In an absolutely stellar example of how the free market does just about everything better than the government, Domino’s Pizza has taken on the task of repairing America’s crumbling road infrastructure.
That’s right, folks. The pizza chain that brought you a medium pizza for six dollars is now filling potholes and fixing worn-down roads in towns all across America.
Putting state departments of transportation to shame, Domino’s has launched this initiation to fill “cracks, bumps, potholes and other road conditions that can put good pizzas at risk after they leave the store”.
Russell Weiner, president of Domino’s USA and a marketing genius said in a press release that Domino’s “don’t want to lose any great-tasting pizza to a pothole, ruining a wonderful meal. Domino’s cares too much about its customers and pizza to let that happen.”
This new initiative is being called “Paving for Pizza.” So far Domino’s has started road repairs in four different towns: Bartonville, TX, Milford, DE, Athens, GA, and Burbank, CA. In Milford alone, Domino’s road-warriors apparently filled 40 potholes on 10 roads in less than 10 hours.
Now just imagine if the government moved that quickly?
To nominate their city for the Paving for Pizza campaign, Domino’s customers can go to the Paving for Pizza website and enter their zipcode.
Imagine if, instead of waiting around to send four guys with one shovel to toss a little gravel into the gaping holes in our roads, America’s various DOT’s did what Dominos has done.
Imagine a world in which you could use a cleverly designed and user-friendly app to report a pothole in the road you usually drive to work. Maybe you could even pitch in a few dollars for a bucket or two of gravel, and once enough users in the area bought into it, the road company would come by and fix the busted road.
Imagine if, instead of paying more than fifty cents on the gallon in taxes, most of which will be plundered for unrelated projects and critically mismanaged away anyway, you paid only for the roads you wanted and used?
Americans, on average, pay about $264 each year in gasoline taxes. If that money went to private companies instead of a corrupt government which critically misuses it, maybe potholes would actually get fixed. The federal government alone raised $35 billion dollars from the gas tax in 2014. State governments combined raised another $42 billion. And yet American roads are in worse condition than ever.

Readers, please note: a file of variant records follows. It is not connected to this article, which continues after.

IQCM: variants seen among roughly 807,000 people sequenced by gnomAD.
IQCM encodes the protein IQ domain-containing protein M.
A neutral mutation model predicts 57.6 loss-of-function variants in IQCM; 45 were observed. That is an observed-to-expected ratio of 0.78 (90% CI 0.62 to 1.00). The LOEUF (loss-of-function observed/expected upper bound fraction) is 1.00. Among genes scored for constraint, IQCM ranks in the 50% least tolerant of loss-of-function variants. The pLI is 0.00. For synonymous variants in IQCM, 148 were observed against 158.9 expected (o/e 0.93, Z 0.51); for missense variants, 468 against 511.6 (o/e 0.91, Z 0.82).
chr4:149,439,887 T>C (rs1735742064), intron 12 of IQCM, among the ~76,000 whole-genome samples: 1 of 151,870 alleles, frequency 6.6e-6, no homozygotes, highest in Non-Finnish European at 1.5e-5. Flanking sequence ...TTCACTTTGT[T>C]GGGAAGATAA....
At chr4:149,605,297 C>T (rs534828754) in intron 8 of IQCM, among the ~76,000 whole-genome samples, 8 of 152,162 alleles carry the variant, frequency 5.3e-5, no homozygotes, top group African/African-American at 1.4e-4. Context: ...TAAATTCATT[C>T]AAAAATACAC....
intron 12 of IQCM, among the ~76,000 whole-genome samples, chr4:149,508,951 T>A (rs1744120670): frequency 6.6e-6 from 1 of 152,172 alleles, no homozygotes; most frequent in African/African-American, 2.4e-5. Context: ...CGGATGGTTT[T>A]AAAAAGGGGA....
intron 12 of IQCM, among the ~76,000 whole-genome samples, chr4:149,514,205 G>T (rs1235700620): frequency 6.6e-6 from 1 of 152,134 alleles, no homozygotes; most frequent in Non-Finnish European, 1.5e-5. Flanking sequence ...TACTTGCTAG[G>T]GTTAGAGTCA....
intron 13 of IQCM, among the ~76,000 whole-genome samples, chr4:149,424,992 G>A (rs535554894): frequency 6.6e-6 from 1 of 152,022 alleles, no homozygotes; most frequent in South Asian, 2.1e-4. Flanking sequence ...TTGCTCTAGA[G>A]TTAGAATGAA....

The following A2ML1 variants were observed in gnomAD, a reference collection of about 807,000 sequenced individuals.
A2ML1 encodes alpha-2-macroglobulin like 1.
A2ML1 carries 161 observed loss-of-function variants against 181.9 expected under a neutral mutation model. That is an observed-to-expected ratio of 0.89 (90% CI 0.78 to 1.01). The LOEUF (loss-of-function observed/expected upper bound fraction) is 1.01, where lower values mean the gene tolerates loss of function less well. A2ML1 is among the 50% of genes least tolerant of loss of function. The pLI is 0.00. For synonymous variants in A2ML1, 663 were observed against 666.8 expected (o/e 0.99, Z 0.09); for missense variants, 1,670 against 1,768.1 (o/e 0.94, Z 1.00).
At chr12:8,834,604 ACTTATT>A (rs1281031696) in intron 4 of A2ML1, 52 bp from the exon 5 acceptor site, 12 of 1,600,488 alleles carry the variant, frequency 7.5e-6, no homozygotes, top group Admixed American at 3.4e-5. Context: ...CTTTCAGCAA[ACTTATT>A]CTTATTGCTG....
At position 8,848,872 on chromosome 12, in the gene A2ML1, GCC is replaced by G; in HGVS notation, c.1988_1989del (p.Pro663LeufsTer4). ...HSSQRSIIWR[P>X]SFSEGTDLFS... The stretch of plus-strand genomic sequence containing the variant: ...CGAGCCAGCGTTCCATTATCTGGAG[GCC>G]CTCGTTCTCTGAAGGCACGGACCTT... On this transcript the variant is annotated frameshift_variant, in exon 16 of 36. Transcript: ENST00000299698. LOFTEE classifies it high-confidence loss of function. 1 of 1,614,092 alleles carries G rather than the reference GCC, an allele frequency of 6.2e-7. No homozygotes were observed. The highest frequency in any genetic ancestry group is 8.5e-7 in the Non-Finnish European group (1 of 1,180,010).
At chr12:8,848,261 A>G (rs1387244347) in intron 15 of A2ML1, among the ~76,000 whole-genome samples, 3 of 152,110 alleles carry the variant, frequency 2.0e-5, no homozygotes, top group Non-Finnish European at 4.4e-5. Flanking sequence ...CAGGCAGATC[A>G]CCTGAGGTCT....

Our roads are so bad that our pizza companies are paving the worst places just so they can deliver their damn pizzas on time and without destroying the tasty merchandise along the way.
Gas taxes do largely go towards maintaining the roads. The taxes that are collected at the pump go towards benefiting the drivers who use the roads. And those who use more gas, ie, those who use the roads the most, pay a greater portion of the cost of their upkeep.
So the concept of gas taxes isn’t necessarily the problem.
The problem is that the governments of the states frequently and horrifically mismanage their road maintenance projects. And it seems the places with the highest gas taxes have the worst roads.
Pennsylvania comes in at the top of the tax curve, with a state gas tax of 58.2 cents on the gallon. Combined with the 18.4 cent federal tax, PA drivers are paying a whopping 76.6 cents on every gallon of gas straight into the government’s pocket.
But ask any native Pennsylvanian how well their roads are maintained, and you’ll get the same answer; very very poorly.
The same is true in the state of Washington, which charges 49.4 cents per gallon and still provides some of the worst road infrastructure in the nation. New York is also notorious for its congested and poorly maintained roads, and their gas tax is the third highest at 43.88 cents per gallon.
Ohio, with its relatively low tax of 28.01 cents on the gallon, has some of the best roads in the country. Its northern neighbor, Michigan, has a 40.44 cent tax, and considerably worse roads.
If the argument made by “muh government roads” people, that we need more revenue from the public to support better roads, is really true, then why do the states with the highest gas taxes often seem to have such poorly maintained roads?
When you examine the data, in fact, it seems that the ten states consistently ranked the best in terms of road quality all have gas taxes that hover well below the national average.(Minnesota, Utah, Kentucky, and Ohio are prime examples.) It seems these states can somehow meet their infrastructure needs better while charging consumers less than other states at the gas pump.
Which sort of throws into question the whole point of gas taxes anyway. If so many states are doing less with more, why are we still using gas taxes to fund road infrastructure anyway?
Maybe its time to give road privatization a more serious look.